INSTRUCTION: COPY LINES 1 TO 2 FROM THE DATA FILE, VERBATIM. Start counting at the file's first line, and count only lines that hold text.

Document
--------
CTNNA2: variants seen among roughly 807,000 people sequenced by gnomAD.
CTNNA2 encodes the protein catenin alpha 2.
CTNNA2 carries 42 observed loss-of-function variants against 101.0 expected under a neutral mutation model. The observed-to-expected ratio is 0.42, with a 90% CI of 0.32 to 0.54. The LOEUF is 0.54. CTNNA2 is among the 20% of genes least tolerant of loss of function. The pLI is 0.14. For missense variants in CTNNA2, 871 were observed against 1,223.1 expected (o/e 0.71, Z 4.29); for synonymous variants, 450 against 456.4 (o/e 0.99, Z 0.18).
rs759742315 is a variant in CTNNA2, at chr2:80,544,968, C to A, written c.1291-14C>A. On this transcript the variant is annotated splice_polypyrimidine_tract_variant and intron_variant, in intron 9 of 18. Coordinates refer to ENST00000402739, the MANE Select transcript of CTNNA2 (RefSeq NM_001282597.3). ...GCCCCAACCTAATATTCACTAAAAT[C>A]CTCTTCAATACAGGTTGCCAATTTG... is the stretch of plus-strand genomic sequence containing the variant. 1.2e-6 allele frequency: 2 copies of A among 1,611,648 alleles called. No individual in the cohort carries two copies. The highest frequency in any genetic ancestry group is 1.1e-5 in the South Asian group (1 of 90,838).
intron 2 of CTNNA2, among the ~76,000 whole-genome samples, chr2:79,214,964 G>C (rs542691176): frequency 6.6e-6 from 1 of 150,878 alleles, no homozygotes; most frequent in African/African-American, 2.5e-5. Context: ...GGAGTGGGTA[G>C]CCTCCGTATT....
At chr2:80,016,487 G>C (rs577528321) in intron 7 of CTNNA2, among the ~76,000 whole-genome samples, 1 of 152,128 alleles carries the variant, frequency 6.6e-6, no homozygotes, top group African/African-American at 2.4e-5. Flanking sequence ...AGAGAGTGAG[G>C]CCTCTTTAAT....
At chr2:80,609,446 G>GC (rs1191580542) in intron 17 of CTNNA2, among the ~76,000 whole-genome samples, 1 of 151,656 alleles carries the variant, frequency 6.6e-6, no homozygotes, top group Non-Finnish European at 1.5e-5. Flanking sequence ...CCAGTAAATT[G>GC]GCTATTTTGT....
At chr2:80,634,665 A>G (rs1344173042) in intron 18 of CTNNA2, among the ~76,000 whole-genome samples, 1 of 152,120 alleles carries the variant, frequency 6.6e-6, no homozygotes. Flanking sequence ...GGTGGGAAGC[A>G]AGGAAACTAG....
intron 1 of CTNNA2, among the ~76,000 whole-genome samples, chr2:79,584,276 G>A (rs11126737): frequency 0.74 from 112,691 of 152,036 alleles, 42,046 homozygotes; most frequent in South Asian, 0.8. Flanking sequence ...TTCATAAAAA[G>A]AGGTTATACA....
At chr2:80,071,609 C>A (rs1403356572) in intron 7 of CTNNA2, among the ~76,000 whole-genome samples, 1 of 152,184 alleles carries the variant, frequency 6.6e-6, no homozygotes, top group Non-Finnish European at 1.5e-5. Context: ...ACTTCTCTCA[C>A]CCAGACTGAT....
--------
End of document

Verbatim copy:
CTNNA2: variants seen among roughly 807,000 people sequenced by gnomAD.
CTNNA2 encodes the protein catenin alpha 2.